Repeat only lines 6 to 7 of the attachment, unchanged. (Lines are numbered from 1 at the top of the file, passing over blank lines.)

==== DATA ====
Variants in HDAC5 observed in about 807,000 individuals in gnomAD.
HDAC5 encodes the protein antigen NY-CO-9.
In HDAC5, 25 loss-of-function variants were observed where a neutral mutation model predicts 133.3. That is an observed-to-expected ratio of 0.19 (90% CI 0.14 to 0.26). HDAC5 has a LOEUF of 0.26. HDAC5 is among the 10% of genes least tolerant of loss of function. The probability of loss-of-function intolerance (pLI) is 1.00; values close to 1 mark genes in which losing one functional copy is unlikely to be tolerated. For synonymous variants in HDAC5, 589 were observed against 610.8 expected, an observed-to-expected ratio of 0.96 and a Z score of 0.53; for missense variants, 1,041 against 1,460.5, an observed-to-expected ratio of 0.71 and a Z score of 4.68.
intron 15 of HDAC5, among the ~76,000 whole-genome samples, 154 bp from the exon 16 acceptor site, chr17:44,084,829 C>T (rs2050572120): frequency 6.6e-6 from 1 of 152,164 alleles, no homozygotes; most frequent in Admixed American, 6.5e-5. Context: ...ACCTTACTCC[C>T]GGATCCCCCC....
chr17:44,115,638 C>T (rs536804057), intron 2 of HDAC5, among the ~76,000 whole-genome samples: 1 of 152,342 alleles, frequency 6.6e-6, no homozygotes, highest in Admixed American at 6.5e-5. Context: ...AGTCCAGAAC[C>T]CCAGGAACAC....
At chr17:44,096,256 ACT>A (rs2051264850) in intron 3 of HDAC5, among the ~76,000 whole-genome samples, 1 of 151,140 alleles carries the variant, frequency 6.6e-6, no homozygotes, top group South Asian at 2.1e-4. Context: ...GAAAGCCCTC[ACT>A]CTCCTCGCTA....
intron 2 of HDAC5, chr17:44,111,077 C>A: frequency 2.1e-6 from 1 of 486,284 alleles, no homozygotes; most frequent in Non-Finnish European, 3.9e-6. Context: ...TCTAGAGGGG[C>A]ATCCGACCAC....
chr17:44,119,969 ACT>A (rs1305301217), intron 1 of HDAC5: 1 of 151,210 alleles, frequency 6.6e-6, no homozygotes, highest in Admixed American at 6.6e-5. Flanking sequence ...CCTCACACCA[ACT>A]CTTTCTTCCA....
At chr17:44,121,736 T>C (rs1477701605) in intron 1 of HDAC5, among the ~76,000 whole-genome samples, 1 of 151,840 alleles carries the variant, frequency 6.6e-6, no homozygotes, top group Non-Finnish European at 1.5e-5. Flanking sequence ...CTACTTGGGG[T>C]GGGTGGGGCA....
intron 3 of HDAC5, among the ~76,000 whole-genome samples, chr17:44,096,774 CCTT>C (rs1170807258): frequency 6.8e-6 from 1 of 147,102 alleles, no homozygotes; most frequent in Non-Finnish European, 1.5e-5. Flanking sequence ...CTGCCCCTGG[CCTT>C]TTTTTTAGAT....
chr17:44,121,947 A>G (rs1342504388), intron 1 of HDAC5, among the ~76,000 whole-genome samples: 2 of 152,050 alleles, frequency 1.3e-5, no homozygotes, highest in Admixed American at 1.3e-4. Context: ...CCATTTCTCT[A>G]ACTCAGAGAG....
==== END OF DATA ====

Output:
At chr17:44,096,256 ACT>A (rs2051264850) in intron 3 of HDAC5, among the ~76,000 whole-genome samples, 1 of 151,140 alleles carries the variant, frequency 6.6e-6, no homozygotes, top group South Asian at 2.1e-4. Context: ...GAAAGCCCTC[ACT>A]CTCCTCGCTA....
intron 2 of HDAC5, chr17:44,111,077 C>A: frequency 2.1e-6 from 1 of 486,284 alleles, no homozygotes; most frequent in Non-Finnish European, 3.9e-6. Context: ...TCTAGAGGGG[C>A]ATCCGACCAC....